Evening Must-Read: Nick Rowe: Siimple Arithmetic for John Taylor's Mistaken Legislated Rule
Monday Smackdown: Chapter 11 of David Graeber's "Debt" Is Definitely in Chapter 11! Part IV

Weekend Reading: Claudio Borio (2012): The Financial Cycle and Macroeconomics: What Have We Learnt?

Claudio Borio (2012): The Financial Cycle and Macroeconomics: What Have We Learnt? "[']The financial cycle[']... denote[s] self-reinforcing interactions between perceptions of value and risk...

...attitudes towards risk and financing constraints, which translate into booms followed by busts... [that] amplify economic fluctuations and possibly lead to serious financial distress and economic dislocations.... Equity prices can be a distraction.... Interest rates, volatilities, risk premia, default rates, non-performing loans, and so on.... Combining credit and property prices appears to be the most parsimonious way to capture the core features....

The blue line traces the financial cycle obtained by combining credit and property prices and applying a statistical filter that targets frequencies between 8 and 30 years. The red line measures the business cycle in GDP obtained by applying the corresponding filter for frequencies up to 8 years.... Orange and green bars indicate peaks and troughs of the financial cycle....

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The close association of the financial cycle with financial crises helps explain another empirical regularity: recessions that coincide with the contraction phase of the financial cycle are especially severe.... It is possible to measure the build-up of risk of financial crises in real time with fairly good accuracy... [by] simultaneous positive deviations (or “gaps”) of the ratio of (private sector) credit-to-GDP and asset prices, especially property prices.... One can think of the credit gap as a rough measure of leverage in the economy, providing an indirect indication of the loss absorption capacity of the system; one can think of the property price gap as a rough measure of the likelihood and size of the subsequent price reversal, which tests that absorption capacity....

Graph 3, taken from Borio and Drehmann (2009).... Danger zones are shown as shaded areas. The graph indicates that by the mid-2000s concrete signs of the build-up of systemic risk were evident, as both the credit gap and property price gap were moving into the danger zone....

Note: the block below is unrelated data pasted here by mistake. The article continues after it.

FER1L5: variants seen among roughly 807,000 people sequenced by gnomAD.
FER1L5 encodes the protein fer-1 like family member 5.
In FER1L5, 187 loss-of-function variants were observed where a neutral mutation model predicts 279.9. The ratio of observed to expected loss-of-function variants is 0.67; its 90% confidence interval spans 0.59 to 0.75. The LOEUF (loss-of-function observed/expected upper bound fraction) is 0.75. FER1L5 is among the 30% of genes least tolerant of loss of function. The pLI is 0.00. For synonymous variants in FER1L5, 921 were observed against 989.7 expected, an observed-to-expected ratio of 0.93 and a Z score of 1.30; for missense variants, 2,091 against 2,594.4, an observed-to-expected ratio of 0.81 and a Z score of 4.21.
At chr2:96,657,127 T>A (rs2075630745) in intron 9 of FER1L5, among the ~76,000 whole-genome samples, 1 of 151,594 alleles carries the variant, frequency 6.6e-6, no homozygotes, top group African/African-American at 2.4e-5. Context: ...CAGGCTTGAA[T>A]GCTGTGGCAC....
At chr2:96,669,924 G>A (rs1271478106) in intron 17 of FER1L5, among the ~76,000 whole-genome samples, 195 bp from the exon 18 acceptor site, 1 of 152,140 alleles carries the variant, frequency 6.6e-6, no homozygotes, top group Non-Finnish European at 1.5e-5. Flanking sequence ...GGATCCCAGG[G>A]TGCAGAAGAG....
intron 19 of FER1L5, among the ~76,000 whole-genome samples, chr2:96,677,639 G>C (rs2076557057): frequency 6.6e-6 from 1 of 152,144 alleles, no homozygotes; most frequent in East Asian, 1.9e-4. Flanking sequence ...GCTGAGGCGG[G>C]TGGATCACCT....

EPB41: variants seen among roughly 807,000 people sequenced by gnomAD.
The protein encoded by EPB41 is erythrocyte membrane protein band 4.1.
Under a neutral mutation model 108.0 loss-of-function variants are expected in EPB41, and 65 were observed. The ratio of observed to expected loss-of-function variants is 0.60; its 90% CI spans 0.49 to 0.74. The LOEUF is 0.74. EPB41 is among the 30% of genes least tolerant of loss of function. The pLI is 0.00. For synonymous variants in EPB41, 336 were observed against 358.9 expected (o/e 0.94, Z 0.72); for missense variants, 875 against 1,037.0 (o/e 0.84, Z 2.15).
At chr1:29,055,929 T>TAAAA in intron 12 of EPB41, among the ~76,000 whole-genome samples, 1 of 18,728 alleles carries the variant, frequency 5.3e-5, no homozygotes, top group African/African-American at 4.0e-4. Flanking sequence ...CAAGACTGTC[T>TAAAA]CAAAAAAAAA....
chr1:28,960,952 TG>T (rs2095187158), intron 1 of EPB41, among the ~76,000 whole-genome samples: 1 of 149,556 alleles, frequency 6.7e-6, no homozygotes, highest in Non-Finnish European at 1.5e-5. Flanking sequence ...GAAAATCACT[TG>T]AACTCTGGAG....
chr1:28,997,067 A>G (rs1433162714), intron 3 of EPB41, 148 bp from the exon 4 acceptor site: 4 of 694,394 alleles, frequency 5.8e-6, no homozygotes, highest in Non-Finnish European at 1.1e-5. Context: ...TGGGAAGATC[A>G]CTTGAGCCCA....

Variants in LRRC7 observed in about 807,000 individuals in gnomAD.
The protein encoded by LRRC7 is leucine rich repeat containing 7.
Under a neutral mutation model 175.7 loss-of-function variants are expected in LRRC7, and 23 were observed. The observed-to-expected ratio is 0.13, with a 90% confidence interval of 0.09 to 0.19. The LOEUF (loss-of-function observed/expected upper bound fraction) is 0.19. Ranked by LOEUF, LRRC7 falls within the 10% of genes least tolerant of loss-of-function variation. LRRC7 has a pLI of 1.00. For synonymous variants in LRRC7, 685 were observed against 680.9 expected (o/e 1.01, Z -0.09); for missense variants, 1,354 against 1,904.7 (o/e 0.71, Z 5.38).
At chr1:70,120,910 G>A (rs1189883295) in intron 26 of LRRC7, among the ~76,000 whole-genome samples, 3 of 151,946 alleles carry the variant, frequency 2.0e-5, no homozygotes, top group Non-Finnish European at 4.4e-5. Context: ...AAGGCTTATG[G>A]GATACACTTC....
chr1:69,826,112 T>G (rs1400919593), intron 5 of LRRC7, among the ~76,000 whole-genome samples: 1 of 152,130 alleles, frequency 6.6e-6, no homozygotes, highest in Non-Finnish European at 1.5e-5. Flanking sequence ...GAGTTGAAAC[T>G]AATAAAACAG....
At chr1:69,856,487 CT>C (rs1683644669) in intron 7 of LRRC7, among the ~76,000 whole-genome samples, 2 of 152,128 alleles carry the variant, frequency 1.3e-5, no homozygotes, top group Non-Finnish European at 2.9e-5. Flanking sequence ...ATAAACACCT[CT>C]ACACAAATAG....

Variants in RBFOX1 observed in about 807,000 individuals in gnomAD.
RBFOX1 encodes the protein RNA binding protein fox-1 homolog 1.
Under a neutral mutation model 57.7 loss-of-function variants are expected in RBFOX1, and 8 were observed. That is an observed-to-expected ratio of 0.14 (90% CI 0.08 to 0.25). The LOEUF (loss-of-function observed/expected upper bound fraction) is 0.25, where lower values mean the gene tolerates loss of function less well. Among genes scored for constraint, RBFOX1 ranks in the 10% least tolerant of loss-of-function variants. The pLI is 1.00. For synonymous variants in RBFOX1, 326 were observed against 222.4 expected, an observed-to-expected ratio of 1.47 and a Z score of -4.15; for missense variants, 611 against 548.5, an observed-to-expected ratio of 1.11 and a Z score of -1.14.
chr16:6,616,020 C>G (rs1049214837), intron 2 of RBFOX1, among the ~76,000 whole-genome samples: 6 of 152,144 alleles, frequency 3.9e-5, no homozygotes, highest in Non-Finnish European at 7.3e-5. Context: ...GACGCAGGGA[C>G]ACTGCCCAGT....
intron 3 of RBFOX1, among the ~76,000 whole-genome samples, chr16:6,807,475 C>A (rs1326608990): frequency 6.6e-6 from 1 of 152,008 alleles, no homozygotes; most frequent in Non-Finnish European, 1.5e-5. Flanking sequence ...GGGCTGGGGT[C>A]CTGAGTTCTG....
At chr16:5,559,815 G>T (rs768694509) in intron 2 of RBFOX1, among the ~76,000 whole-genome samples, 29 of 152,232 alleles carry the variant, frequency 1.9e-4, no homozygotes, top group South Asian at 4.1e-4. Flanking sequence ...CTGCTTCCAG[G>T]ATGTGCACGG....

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The length and amplitude of the financial cycle... depend on... the financial regime, the monetary regime and the real-economy regime.... Financial liberalisation weakens financing constraints, supporting the full self-reinforcing interplay between perceptions of value and risk, risk attitudes and funding conditions. A monetary policy regime narrowly focused on controlling near-term inflation removes the need to tighten policy when financial booms take hold.... Major positive supply side developments... provide plenty of fuel for financial booms.... Credit and asset price booms reinforce each other, as collateral values and leverage increase.... The link between financial liberalisation and credit booms is one of the best established regularities in the literature.... It is no coincidence that the only significant financial cycle ending in a financial crisis pre-1985 took place in the United Kingdom, following a phase of financial liberalisation in the early 1970s....

[In] a systematic modelling... the financial boom should not just precede the bust but cause it... sows the seeds of the subsequent bust, as a result of the vulnerabilities that build up.... The presence of debt and capital stock overhangs.... The weakening of financing constraints allows expenditures to take place and assets to be purchased. This in turn leads to misallocation of resources, notably capital but also labour, typically masked by the veneer of a seemingly robust economy.... Too much capital in overgrown sectors holds back the recovery. And a heterogeneous labour pool adds to the adjustment costs. Financial crises are largely a symptom of the underlying stock problems and, in turn, tend to exacerbate them....

The third feature is a distinction between potential output as non-inflationary output and as sustainable output.... Current thinking... identifies potential output with what can be produced without leading to inflationary pressures.... Inflation is generally seen as the variable that conveys information about the difference between actual and potential output.... And yet, as the previous analysis indicates, it is quite possible for inflation to remain stable while output is on an unsustainable path, owing to the build-up of financial imbalances and the distortions they mask in the real economy. Ostensibly, sustainable output and non-inflationary output need not coincide....

How best to incorporate the three key features just described into models is far from obvious.... Move away from model-consistent (“rational”) expectations.... Heterogeneous and fundamentally incomplete knowledge is a core characteristic.... State-varying risk tolerance.... Deal with true monetary economies, not with real economies treated as monetary ones.... While the generation of purchasing power acts as oil for the economic machine, it can, in the process, open the door to instability.... In all probability, this will require us to move away from the heavy focus on equilibrium concepts and methods to analyse business fluctuations and to rediscover the merits of disequilibrium analysis....